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Are you a cultural creative?

Posted by sdax_ayagagix on 2005.09.25 at 01:01
Current Mood: cheerfulcheerful
Current Music: Beastie Boys
Taken from Infinite Being

The Shift to the New Reality is has been gathering steam
since the 1960s.

In “The Cultural Creatives,” Paul Ray and Sherry Anderson
detail a comprehensive study of more than 100,000 adults in
the United States. They found that, since the 1960s, a huge
26 percent of these adults have made a comprehensive shift in
their culture – their worldview, values and way of life.
A 1997 survey conducted in fifteen European countries shows
that the figures are highly similar in Europe. The following
is a summary of the typical values of this new culture.

Cultural Creatives love nature, respect the Earth and are
deeply concerned about the environment. They like to develop
close relationships with each other, and to help and encourage
other people to develop their abilities. They care about
personal and spiritual development, and want more equality for
women and all cultural groups.

Cultural Creatives would like to develop a new way of life.
They are cynical of media-fed information, and want to find a
new political philosophy that works in today’s reality. They
are not materialistically driven, and typically have their
finances and spending under control. They like traveling to
other countries to get to know new cultures and they want to
develop a sense of community where they live. Authenticity is
important to Cultural Creatives; that their actions are
consistent with their words and inner beliefs.

In the early 1960s, there were too few Cultural Creatives to
measure in surveys. At that time, American culture was split
evenly between two cultural groups - the Moderns and the
Traditionals. Moderns reflect an ethic which actually goes
back as far as the Renaissance, when European Protestantism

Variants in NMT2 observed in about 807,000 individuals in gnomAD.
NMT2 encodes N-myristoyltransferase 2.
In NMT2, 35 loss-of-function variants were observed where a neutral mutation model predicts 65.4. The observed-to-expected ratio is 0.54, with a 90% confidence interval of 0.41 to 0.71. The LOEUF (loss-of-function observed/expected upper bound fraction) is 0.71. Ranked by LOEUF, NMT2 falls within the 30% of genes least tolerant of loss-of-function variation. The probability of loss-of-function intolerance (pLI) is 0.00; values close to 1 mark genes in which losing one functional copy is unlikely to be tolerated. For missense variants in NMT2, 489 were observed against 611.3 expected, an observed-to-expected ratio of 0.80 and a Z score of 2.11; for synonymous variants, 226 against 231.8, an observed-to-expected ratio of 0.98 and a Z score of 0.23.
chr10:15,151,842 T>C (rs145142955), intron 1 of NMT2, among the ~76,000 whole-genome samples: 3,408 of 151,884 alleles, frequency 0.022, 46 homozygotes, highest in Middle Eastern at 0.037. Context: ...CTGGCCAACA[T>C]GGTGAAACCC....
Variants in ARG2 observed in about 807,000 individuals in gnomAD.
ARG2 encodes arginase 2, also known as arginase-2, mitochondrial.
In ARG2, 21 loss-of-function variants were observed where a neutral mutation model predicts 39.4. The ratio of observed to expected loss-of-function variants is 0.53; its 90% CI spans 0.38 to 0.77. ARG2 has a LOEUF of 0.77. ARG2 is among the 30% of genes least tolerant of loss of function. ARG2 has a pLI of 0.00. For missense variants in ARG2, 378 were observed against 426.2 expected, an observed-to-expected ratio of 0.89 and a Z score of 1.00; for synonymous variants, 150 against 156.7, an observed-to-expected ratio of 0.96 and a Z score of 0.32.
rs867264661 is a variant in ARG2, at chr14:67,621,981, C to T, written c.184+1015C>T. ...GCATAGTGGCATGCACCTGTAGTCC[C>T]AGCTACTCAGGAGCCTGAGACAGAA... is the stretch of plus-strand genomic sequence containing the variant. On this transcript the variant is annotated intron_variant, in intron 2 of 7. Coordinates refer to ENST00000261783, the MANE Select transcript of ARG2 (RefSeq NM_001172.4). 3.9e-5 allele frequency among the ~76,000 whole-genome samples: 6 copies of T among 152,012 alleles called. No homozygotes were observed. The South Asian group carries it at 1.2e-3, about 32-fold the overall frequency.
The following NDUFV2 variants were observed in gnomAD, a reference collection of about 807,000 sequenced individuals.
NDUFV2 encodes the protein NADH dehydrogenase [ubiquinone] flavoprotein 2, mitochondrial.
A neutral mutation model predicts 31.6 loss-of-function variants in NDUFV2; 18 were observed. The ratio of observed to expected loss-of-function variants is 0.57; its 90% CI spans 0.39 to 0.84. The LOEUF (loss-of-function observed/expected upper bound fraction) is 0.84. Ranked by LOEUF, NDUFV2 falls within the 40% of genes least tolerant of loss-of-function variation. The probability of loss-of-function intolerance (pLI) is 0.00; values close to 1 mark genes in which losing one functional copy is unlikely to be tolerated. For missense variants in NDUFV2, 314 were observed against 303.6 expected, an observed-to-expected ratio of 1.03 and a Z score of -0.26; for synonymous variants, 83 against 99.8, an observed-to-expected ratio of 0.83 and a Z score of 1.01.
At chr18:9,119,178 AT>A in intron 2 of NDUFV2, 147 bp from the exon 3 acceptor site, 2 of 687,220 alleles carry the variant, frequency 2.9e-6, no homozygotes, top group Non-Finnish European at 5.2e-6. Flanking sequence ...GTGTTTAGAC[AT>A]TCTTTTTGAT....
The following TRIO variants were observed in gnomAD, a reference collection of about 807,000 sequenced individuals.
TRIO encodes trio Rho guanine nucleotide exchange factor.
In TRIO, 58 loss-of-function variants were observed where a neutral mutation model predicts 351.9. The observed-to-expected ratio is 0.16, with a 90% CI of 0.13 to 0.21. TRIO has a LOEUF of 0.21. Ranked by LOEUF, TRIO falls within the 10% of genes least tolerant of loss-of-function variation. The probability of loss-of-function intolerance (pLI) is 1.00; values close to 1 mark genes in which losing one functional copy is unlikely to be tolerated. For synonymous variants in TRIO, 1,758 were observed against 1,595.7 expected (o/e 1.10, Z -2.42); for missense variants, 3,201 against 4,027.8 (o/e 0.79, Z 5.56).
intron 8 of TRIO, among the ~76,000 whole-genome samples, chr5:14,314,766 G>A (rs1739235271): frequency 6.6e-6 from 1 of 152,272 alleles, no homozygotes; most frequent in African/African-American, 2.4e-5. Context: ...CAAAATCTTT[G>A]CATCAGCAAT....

freed the population to pursue a self-empowered work ethic
rather than continue to give their power, freedom and sense
of initiative away to authority figures.

The ethic of Modernism is that newer, bigger and faster are
all better. Time is money, they believe, and people with more
knowledge and wealth are perceived as having higher status.
Almost half of American adults today are Moderns. Their self-
empowered principles over the centuries have brought progress
to civil freedoms, democracy, justice and equality. Moderns
tend to believe that theirs is the only way and reject the
values of other groups as being incorrect.

The positive contributions of Moderns can be appreciated when
you consider the quality of life which existed before the
Renaissance. At birth, in those days, your fate was sealed.
You were born into a certain social, ethnic and racial group
at a certain location. You would likely never travel more
than 50 miles from your birthplace during your life. What
work you could perform, and whom you would marry, were
predetermined. You would be compelled to believe certain
doctrines, as dictated by rulers, priests and elders.

Traditionals are the ones who historically react against the
changes brought about by Moderns. They wish for a return to
an older, simpler time, and they oppose modern trends such as
equality for women. They believe that patriarchs should again
dominate family life, that men should be proud to serve in
the military, and that their moral values should be forced
upon others. In post-World War II America, Traditionals formed